Source: KfW Stories
Author: Carmen Vallero Pictures: Jonas Wresch
Petroleum-based substances are hidden in almost all conventional cosmetics. The cheap additives make formulas soft and creams durable. But they are neither healthy nor environmentally friendly. The Hamburg-based technology startup Lignopure has developed an alternative with great potential – from the renewable raw material lignin.
Large white sacks full of lignin have arrived at Lignopure’s production plant in Buxtehude. It is reminiscent of pressed coffee grounds and smells a bit like damp wood. An inconspicuous substance. But it can help make many materials and products more sustainable.
Lignopure’s founder Joana Gil explains where lignin comes from and what it can do: “After cellulose, lignin is the most common biopolymer on Earth. It is found in varying compositions in all plants. Trees consist of up to one-third lignin. It is the natural glue that holds the plant structure together, which is why they can grow very tall. It also ensures that they are protected from UV radiation and bacteria, scavenges free radicals and makes them resistant to environmental influences. Wonderful properties that we should take advantage of!”
Lignin can be obtained from biorefineries. They process wood, straw or other plants and extract their cellulose to produce bioethanol. What is left over afterwards is lignin. However, since the refineries do not need it, they recycle it thermally, meaning it is burned. A valuable resource is thus lost, although this renewable raw material could be highly interesting for various sectors. For example, lignin can be transformed into bioplastics, replace tar produced from petroleum in road construction or be used as an insulating material.
The créme de la créme
Lignin is also unbeatable as an innovative additive in cosmetic products: It is naturally antibacterial and antioxidant, therefore supporting the anti-aging and skin protection ingredients in cosmetic formulations. The natural, complex tone of each LignoBase depends on the plant of origin and results in different shades, making it particularly well-suited for tinted skin color creams and makeup. The UV protection also makes the product highly interesting for use in sun care formulations. This property is particularly fascinating because lignin can provide an SPF-boosting effect to conventional filters and decrease some chemical filters, many of which are suspected to be carcinogenic or significantly influence hormone imbalances. What’s more, if the cream gets into water while swimming, the lignin particles responsible for sun protection sink to the bottom and do not harm the life below water nor the body of water itself.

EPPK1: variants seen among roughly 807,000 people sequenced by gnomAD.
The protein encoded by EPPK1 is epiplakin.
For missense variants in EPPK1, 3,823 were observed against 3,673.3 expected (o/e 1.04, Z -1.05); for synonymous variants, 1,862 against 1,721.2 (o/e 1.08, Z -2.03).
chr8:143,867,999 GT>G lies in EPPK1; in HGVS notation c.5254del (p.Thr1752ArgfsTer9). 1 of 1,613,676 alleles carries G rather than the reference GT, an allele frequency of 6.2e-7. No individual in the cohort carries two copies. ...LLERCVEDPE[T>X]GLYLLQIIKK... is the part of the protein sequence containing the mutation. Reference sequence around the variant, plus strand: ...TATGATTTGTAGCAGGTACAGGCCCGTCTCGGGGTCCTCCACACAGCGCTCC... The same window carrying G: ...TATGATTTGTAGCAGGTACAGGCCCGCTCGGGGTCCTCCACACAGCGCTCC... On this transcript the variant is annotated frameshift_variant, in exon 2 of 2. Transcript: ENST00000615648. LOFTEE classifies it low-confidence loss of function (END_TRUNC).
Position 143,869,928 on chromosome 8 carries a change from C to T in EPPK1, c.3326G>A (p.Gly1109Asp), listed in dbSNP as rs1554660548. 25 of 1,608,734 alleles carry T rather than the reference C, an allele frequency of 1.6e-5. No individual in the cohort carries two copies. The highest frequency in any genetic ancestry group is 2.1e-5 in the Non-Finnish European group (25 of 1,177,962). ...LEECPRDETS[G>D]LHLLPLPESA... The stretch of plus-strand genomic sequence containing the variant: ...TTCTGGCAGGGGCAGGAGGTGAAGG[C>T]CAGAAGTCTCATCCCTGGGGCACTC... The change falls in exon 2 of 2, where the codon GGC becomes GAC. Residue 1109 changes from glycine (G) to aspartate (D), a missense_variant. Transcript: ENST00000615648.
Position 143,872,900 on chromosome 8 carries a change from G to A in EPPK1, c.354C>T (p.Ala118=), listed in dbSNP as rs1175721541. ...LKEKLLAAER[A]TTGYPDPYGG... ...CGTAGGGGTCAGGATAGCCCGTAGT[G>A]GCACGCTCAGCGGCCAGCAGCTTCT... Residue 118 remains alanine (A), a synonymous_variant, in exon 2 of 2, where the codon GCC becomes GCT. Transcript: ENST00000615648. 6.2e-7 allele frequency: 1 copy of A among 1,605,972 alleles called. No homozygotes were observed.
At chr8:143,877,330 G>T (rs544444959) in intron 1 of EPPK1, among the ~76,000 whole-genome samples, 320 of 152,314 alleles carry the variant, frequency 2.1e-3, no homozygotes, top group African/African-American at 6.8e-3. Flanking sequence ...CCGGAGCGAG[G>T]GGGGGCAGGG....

Bioengineers Joana Gil and Wienke Reynolds conducted intensive research into these special lignin properties at Hamburg University of Technology. Together with Daniela Arango, they founded Lignopure in 2019. Their venture was supported by Hamburg’s InnoRampUp program. Since then, the team, which has grown to 12 people, has initially been focusing on the potential applications of lignin in cosmetics.
“Lignin is a great raw material, but it’s not exactly ready to use,” says Daniela Arango. “There are different starting materials, and they have to be prepared accordingly. The microparticles need a certain design in terms of size, structure and shape to make them suitable for cosmetics. In addition, there are the high regulatory requirements for additives in creams and other products.”
Patented secret of success
Lignopure is ahead in both areas. Its ready-to-use lignin, which is filled from a kettle into large bags, looks like a fine cocoa powder. The founders already have patents for both the sophisticated particle formulation and the manufacturing process in Europe and other countries. In the long term, they would like to license the technology to biorefineries so that their product can be manufactured where it is created. This would prevent transport routes and thus make production more environmentally friendly.
But the startup can not only supply lignin powder, “LignoPearls”, lignin in mini beads, are also in the works. They act as a substitute for microplastics in skincare, which are mainly used in exfoliation or scrubbing formulations, or as a “vehicle” for other components, such as flavors in products. Some manufacturers are voluntarily eliminating microplastics, while many initiatives are calling for a legal ban. When this happens, Lignopure will already be able to offer the industry a fully developed product.
The sails are set and the seed funding of 2.2 million euros will ensure the further scaling for this Hamburg startup. Established companies are currently testing Lignopure’s possible applications, and some companies are developing customized prototypes in collaboration with Lignopure. For Lignopure, cosmetics are not the end of the story – there are many other fields of application in the food and pharmaceutical sectors that the founders will focus on in the coming years. The newly opened production facility in Buxtehude is therefore likely to be just the beginning of more lignin in our daily lives.
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